Now here I will contend, speaking from personal experience, that midget girls’ hockey (the operative words being midget (i.e. aged 15-18 year old) and girls’ (i.e. the female side of the species) takes this confounding unpredictability to a whole nother level for the coach. While I’m no expert, I am fairly certain the combination of ice, competition and teenage female hormones is a potentially explosive one. Exasperating as it might be from time to time, this is probably also part of the reason I deep down enjoy the challenge of coaching at this level. Case in point in my current team’s last two week stretch of six regular season games, which they completed with a 2-2-2 record. Having the perfectly split record illustrates part of my thesis, however, the nature and circumstances surrounding these games hammers the point home.

The first of our six games came only two days after the semi-final exit from our home tournament against the other team who found themselves in the final against our semi-final foes. One of my assistant coaches and I wondered before the game started who might have a hockey hangover from having played 4 and 5 games over the previous weekend. We would unfortunately get a resounding answer from our squad as they barely skated to an 8-2 thumping against a team they’d tied 1-1 in two previous contests. My post-game comments to a very quiet room were short and to the point; we call knew they could do better.

To make matters worse we ended the game with an increasingly tenuous goaltending situation on our hands. For the past month and a half we were in an unenviable position of having a single goaltender, borrowing backups from other teams where we could, while the other nursed an injured knee. As chance would have it, our “healthy” keeper sprained her ACL at the end of the second period  (putting her season on hold for at least a month); forcing the backup to face a third-period onslaught and potentially leaving us no backstop for our next game four games later. Our injured keeper was actually scheduled to come back in time for the next game, but with only one practice on her rehabilitated knee. Not to mention two additional games would follow over the following two days – three games in three days for a netminder coming back from a knee injury (did I mention this wasn’t the first time she’d injured the same knee).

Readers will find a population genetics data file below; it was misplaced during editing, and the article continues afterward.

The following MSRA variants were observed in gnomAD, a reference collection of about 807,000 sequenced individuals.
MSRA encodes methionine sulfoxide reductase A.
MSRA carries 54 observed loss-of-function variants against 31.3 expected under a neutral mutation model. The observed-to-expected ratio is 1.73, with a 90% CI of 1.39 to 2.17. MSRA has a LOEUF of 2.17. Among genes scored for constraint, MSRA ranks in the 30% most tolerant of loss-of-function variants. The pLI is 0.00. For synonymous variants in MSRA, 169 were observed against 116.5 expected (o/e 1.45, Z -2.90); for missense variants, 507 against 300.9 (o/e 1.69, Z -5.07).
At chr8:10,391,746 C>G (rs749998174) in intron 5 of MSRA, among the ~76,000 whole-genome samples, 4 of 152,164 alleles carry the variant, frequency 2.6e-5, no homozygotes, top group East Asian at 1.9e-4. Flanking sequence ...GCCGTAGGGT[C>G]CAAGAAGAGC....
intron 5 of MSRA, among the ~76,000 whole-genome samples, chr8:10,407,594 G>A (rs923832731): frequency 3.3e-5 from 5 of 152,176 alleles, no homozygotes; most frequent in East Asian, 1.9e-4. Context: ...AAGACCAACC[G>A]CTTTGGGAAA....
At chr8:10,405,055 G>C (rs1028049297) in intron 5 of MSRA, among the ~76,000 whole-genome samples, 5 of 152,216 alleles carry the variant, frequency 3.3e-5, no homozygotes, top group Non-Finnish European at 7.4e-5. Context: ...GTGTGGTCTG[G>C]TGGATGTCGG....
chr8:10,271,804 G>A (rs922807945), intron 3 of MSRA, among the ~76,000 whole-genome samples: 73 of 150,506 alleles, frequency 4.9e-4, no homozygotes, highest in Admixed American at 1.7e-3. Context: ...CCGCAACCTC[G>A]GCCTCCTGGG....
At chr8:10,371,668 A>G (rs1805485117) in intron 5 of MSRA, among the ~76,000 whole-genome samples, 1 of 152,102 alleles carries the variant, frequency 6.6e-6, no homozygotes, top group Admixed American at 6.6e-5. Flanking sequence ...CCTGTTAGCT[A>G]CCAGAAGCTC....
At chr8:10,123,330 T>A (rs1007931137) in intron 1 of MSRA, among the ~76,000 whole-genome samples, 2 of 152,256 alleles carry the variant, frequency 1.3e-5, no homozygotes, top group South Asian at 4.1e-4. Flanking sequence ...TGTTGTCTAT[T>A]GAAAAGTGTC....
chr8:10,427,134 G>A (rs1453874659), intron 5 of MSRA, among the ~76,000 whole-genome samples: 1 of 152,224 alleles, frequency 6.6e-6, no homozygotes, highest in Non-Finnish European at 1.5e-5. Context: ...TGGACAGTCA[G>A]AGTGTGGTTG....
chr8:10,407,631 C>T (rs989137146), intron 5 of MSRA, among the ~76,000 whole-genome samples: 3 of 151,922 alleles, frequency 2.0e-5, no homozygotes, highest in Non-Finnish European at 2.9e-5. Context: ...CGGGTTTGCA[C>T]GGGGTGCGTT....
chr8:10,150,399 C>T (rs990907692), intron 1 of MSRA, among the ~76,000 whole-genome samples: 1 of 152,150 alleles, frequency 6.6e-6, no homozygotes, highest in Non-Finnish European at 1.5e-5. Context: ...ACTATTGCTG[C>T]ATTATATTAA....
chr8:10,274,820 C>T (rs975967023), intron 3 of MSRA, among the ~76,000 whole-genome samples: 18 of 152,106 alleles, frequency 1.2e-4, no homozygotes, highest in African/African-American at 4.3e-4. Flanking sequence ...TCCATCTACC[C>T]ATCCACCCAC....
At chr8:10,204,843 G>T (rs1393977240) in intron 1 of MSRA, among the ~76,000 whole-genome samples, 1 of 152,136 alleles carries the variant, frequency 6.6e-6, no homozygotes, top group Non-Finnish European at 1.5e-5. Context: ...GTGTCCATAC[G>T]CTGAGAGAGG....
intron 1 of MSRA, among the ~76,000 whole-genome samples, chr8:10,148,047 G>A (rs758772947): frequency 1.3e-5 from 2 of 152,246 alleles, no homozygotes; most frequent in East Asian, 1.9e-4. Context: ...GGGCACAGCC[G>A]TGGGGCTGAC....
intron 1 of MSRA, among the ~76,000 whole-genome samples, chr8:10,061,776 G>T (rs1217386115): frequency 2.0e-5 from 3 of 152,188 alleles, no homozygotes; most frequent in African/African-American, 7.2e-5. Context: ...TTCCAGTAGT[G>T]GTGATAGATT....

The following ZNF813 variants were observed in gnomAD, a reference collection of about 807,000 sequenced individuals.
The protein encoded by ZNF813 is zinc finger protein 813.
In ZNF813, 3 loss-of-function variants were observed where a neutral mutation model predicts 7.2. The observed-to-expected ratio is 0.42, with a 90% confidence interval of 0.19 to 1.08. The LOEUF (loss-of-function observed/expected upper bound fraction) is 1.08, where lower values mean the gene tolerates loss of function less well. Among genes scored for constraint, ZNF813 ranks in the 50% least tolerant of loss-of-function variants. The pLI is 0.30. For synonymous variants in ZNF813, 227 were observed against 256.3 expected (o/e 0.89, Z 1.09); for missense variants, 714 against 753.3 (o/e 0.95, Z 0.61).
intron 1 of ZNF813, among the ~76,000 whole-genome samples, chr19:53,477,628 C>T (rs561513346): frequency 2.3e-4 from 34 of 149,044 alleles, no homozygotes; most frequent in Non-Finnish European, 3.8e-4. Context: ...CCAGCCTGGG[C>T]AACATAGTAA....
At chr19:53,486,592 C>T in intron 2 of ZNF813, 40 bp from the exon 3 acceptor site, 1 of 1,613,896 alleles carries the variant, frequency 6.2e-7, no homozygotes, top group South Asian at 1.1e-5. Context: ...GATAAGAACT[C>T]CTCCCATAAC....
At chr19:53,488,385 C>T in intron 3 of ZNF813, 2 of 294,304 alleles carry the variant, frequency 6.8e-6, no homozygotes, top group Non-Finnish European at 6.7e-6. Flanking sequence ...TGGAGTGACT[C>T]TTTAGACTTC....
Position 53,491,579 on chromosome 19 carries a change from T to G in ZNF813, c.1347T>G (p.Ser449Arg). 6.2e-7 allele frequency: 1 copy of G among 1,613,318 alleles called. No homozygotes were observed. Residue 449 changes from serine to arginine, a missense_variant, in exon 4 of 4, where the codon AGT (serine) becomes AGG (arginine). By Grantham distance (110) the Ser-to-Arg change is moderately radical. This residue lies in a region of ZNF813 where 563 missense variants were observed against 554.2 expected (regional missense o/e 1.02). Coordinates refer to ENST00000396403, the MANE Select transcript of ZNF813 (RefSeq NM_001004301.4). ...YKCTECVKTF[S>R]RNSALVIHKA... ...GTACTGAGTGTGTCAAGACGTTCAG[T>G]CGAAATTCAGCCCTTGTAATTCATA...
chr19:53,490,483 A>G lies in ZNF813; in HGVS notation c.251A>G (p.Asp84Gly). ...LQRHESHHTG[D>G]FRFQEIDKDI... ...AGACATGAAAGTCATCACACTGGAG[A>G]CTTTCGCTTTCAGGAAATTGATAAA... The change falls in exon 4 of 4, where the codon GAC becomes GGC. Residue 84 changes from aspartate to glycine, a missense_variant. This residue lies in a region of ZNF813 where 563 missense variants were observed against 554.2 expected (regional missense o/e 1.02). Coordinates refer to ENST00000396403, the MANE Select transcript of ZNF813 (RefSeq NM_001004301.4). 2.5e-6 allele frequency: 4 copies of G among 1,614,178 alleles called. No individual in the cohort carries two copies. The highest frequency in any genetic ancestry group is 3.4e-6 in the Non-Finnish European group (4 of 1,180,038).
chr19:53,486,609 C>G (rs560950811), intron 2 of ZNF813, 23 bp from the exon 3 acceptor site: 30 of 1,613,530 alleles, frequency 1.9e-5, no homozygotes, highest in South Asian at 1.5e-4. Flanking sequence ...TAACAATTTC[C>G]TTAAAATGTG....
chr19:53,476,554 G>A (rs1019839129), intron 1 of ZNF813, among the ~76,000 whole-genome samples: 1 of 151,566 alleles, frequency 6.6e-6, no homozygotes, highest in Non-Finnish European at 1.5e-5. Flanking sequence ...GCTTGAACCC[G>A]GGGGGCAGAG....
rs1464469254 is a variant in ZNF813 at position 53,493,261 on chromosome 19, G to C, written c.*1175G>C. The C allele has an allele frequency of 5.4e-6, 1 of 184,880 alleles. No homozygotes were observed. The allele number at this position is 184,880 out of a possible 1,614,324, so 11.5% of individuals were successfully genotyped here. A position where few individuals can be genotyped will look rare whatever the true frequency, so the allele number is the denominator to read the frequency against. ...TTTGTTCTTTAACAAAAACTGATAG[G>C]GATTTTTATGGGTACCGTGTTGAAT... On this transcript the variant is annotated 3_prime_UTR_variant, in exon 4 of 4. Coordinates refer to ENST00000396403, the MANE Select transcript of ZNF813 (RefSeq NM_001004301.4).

Game two would pit us against a team just ahead of us in the standings and one we’d already lost to in our first tourney of the year. Oh and our goalie was just coming back off of injury, in case I haven’t already mentioned.   In keeping with my theme, in the pre-game I pointed out to the team on the same night as our blowout loss two teams in the NHL were likewise blown out as were three teams on the wrong side of 9-6,  9-4 and 9-3 scores in major junior hockey. Damned Hockey Gods were obviously in a mood on that particular night. I chalked up our own debacle to “Shit Happens”, paraphrased the quote noted off the top and told the girls I had supreme confidence in their ability to compete with anyone and to bounce back – to go with the flow if you will. And bounce back they did securing a 3-1 victory on the strength of a much better team effort and a stellar goaltending performance, which had yours truly wincing with every kick save hoping it would not be the last.

We’d ride the wave of this win into a match against the league’s second-place squad; or so we hoped. Indeed the girls did carry good momentum into this next contest, battling hard through a scoreless first period against a tough opponent. Unfortunately, the same compete level was not carried through to the second period as a few lacklustre shifts resulted in goals against. Before we knew it the period was over and our side was down 4-0. It honestly didn’t feel like a  4-0 game, but this was the score, our keeper was frustrated and I decided to have her watch the final frame from the bench in favour of our borrowed backup. The game would end with the same score as good pressure in the last 15 minutes did not result in any goals for the good guys. This game would have been a whole lot different with a few bounces…yeah, I’m talking to you again, Hockey Gods.

losing is essential to winning

The last game of three in a row would provide another test against a team just ahead of us in the standings. I told our side there had an opportunity to change the order of things as we had played fewer games than most of our rivals; particularly those above us. We would dominate the play for the first two periods of the game, but like our opponents, would not find the back of the net. Our keeper, now playing her third game in a row, looking no worse for wear, continued to her solid play between the pipes. In the third period, still knotted at zeros, one of our players took off on a breakaway and according to the fans in the stands sent a wrist shot into the net which bounced immediately back out. Neither the referee, nor I to be honest, saw the phantom goal. In fact, when she returned to the bench I told the player to make sure she followed her shot in the future to collect any errant rebounds. I found out later she also saw the puck go in, but didn’t celebrate or protest enough to draw the officials’ attention – a lesson learned for another day. The Hockey Gods struck again and we were left with a draw.